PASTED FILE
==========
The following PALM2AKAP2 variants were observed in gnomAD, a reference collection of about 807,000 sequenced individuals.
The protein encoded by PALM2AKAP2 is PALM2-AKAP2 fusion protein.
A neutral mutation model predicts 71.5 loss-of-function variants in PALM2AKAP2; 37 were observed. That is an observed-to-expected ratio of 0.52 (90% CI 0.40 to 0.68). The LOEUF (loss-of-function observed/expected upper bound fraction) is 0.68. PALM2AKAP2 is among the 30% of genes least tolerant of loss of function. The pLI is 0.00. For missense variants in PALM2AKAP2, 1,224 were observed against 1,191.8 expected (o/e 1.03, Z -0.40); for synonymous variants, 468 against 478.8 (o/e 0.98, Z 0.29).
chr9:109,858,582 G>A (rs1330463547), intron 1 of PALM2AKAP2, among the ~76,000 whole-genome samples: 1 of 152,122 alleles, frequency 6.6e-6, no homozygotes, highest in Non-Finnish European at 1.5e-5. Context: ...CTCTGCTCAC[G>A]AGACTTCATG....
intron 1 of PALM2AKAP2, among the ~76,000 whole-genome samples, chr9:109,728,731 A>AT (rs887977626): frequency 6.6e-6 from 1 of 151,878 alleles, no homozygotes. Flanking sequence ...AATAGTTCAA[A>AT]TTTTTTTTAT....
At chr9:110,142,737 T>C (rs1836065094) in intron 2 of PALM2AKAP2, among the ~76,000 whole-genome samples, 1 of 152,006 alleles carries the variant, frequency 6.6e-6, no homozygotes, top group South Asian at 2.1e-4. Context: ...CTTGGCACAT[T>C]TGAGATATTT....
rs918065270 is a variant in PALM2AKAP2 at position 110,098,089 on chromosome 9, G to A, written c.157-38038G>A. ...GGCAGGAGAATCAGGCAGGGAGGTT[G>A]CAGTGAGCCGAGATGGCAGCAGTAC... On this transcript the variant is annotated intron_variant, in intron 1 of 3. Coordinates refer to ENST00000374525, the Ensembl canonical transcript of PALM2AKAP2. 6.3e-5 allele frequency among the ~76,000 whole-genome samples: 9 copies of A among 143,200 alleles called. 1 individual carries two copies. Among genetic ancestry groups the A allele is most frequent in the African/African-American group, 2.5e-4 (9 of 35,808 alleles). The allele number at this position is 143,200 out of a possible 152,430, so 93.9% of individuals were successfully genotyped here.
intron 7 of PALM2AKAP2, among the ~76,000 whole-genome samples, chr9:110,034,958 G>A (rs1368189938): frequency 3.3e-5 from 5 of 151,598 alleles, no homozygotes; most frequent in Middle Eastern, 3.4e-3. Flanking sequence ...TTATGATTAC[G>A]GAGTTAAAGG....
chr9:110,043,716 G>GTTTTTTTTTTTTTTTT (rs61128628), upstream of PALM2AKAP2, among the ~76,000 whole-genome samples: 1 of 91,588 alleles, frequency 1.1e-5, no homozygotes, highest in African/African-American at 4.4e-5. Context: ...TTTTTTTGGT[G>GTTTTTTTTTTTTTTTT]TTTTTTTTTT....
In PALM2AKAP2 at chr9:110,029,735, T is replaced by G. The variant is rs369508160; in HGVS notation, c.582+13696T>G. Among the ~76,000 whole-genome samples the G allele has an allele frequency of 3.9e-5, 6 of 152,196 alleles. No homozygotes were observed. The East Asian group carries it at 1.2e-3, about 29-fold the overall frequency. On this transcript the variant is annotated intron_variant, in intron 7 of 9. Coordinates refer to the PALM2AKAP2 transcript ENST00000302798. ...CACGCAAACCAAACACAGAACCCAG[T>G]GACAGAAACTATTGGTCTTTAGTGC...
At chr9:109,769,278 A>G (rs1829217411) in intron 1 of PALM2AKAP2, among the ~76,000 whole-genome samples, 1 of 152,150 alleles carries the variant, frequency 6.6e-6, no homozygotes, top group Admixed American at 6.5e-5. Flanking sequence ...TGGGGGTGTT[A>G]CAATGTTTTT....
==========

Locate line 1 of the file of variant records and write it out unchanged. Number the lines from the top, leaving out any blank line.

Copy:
The following PALM2AKAP2 variants were observed in gnomAD, a reference collection of about 807,000 sequenced individuals.